Three Key Findings from the 2016 Arts Report Card

With its Arts assessment, NAEP takes on the task of measuring a subject that is thought to be difficult to assess. But with the help of practicing artists, arts educators, and arts organizations, as well as some of the country's most accomplished assessment experts, NAEP has developed an assessment of students' abilities to observe, describe, analyze, evaluate, and create works of visual art and music. NAEP is the only assessment that measures arts on a national level. Prior to 2016, the NAEP arts assessment was last administered in 2008.  

The assessment was given to nearly 8,800 eighth-graders across the nation in the spring of 2016, regardless of whether the students were taking visual arts or music courses at the time. Results of the 2016 NAEP Arts Report card were released on April 25, 2017. In addition to answering questions about their knowledge and skills in the arts, participants also responded to surveys about their interests and experiences in the arts. School administrators were surveyed on their arts offerings and resources.

In music, student performance was based on questions that asked them to analyze the elements and structure of music, compare and contrast various musical styles, and make judgements about technical and expressive qualities of musical performances and compositions—such as the question shown in the video below where students are played Rhapsody in Blue and asked to identify the musical instrument playing the piece.

In visual arts, student performance was measured on their ability to observe, describe, analyze, and evaluate works of art, and their ability to express ideas and feelings in the form of original works of art. As shown in the video below, one item asked students to draw a self-portrait.

While we saw no overall performance change in music and visual arts achievement since the last arts assessment in 2008 or overall change in participation in music and visual arts course taking, there were interesting variations across the nation regionally and among student groups. Also, there were changes over time in participation in visual arts and music activities outside of school.

Here are three key findings:

Participation in the arts outside of school is on the decline in some activities.

In 2016, 13 percent of eighth-graders reported taking visual arts classes outside of school. That’s a decline from the 16 percent of students in 2008. Similarly, in music, 35 percent of students played a musical instrument outside of school in 2016, but 38 percent did so in 2008. In-school participation held steady between 2008 and 2016. Forty-two percent of eighth-graders reported taking a visual arts class, and 63 percent reported taking a music class in 2016, which were comparable to the percentages in 2008.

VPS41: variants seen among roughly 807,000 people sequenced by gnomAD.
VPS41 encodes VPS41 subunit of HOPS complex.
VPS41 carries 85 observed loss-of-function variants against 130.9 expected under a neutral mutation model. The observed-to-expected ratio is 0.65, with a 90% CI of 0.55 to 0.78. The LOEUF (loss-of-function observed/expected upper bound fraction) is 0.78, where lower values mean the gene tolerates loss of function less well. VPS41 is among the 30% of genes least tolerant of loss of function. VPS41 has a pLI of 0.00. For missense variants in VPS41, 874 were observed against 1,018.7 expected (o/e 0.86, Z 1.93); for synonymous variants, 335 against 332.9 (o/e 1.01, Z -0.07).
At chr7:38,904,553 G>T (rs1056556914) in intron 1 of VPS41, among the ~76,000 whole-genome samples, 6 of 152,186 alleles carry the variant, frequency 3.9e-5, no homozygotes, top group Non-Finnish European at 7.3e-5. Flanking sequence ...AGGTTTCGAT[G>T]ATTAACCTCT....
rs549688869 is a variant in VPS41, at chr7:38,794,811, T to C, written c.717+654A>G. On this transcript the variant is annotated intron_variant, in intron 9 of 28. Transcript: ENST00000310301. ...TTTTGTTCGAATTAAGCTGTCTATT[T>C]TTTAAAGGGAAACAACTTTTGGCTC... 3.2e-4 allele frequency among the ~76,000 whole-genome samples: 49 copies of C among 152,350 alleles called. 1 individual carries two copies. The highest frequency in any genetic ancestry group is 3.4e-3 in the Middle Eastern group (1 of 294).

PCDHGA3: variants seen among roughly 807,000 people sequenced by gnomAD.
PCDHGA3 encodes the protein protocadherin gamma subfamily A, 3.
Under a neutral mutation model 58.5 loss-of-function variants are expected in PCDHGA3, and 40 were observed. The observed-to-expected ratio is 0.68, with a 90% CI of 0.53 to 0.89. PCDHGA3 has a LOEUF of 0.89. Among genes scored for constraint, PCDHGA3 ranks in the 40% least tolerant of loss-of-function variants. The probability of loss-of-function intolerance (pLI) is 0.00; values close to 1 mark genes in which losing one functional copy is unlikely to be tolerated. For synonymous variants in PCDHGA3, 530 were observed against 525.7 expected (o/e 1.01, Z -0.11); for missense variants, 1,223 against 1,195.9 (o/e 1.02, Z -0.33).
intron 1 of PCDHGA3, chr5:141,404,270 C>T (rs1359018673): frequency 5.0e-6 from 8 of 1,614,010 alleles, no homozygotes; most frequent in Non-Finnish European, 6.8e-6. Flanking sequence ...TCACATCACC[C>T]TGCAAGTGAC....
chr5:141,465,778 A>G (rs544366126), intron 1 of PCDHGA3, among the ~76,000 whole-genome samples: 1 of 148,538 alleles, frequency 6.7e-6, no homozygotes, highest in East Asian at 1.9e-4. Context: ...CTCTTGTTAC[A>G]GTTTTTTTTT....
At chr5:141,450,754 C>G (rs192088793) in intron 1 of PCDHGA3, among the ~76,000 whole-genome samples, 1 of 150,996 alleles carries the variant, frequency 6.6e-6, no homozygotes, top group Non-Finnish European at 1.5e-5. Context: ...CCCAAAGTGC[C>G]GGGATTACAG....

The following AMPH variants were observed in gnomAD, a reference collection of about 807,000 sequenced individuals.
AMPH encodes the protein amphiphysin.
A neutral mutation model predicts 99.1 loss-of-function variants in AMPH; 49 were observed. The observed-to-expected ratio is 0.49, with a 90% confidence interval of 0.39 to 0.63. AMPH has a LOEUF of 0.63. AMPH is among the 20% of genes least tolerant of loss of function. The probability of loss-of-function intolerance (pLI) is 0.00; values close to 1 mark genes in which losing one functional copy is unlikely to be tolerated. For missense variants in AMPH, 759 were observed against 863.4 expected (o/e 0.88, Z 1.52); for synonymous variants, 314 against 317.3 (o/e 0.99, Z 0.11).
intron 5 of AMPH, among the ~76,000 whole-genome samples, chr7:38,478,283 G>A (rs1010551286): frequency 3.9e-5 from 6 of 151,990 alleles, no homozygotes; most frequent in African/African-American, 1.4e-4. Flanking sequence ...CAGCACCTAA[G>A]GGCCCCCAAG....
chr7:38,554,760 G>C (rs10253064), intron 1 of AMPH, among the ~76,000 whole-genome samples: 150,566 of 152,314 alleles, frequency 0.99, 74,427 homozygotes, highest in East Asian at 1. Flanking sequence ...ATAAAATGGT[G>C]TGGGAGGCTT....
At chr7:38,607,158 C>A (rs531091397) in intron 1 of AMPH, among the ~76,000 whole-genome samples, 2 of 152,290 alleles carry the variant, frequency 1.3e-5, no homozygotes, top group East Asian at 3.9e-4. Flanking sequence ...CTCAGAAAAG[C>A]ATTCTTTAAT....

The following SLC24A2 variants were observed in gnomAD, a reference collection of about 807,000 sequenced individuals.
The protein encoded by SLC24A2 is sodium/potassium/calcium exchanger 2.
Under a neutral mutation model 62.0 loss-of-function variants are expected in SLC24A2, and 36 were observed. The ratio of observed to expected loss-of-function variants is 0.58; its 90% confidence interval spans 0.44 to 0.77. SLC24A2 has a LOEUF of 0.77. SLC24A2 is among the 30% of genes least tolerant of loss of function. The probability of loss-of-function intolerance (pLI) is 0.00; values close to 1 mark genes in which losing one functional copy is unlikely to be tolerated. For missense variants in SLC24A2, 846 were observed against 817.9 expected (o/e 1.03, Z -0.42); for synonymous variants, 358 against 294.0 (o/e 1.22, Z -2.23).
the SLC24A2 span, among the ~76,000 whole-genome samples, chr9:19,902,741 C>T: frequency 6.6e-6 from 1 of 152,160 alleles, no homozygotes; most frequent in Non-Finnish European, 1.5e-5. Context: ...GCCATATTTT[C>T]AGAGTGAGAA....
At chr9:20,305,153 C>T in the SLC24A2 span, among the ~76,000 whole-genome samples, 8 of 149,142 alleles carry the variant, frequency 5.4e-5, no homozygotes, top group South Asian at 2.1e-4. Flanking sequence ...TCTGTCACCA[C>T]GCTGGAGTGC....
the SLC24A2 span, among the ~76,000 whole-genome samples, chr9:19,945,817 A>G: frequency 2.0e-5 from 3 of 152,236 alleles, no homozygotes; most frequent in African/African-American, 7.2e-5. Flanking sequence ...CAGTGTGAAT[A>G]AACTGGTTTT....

Arts scores and participation are the highest in the Northeast.

In visual arts, the Northeast region, with an average score of 160, outperformed the Midwest (148), West (148), and South (146). In-school access and opportunities vary by region. In one example, 68 percent of eighth-grade students in the Northeast reported that they were taking or took an art course in 2016. Meanwhile, 47 percent of students in the Midwest reported doing the same. As for music, there were no significant average score differences between the Northeast, Midwest, and South regions.

Racial/ethnic gaps between White and other student groups are changing.

Hispanic students made gains in music since 2008, and the score gaps between White and Hispanic students narrowed in both music and visual arts (from 32 to 23 points in music in 2016, and 26 to 19 points in visual arts). In 2016, higher percentages of Hispanic students reported engagement in in-school music activities than in 2008, such as taking a music class (60 percent compared to 50 percent in 2008) and playing in school band (15 percent compared to eight percent in 2008). Meanwhile, Asian/Pacific Islander students had a higher average score in visual arts than their White peers for the first time (166 points compared to 158 points). They too reported higher engagement with out-of-school arts activities than Whites, such as taking private lessons on a musical instrument or in singing outside of school (31 percent compared to 15 percent).

The 2016 Arts Report Card contains several other interesting findings, data tools, and sample questions to assess yourself. Explore the results here.

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